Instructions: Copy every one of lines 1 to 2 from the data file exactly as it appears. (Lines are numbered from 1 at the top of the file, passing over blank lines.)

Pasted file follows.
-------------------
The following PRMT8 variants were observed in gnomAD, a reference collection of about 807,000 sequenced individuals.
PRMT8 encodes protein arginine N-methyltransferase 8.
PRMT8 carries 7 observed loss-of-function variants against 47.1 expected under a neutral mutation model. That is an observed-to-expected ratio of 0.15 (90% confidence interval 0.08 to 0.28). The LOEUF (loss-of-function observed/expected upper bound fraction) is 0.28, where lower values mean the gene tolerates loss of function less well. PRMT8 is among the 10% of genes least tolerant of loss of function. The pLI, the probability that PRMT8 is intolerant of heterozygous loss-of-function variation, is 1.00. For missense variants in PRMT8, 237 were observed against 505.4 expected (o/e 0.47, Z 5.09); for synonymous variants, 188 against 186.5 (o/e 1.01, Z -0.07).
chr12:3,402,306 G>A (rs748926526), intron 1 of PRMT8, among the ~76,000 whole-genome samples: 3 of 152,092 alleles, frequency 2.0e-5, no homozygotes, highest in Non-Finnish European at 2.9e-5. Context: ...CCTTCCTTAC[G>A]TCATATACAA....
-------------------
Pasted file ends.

The following PRMT8 variants were observed in gnomAD, a reference collection of about 807,000 sequenced individuals.
PRMT8 encodes protein arginine N-methyltransferase 8.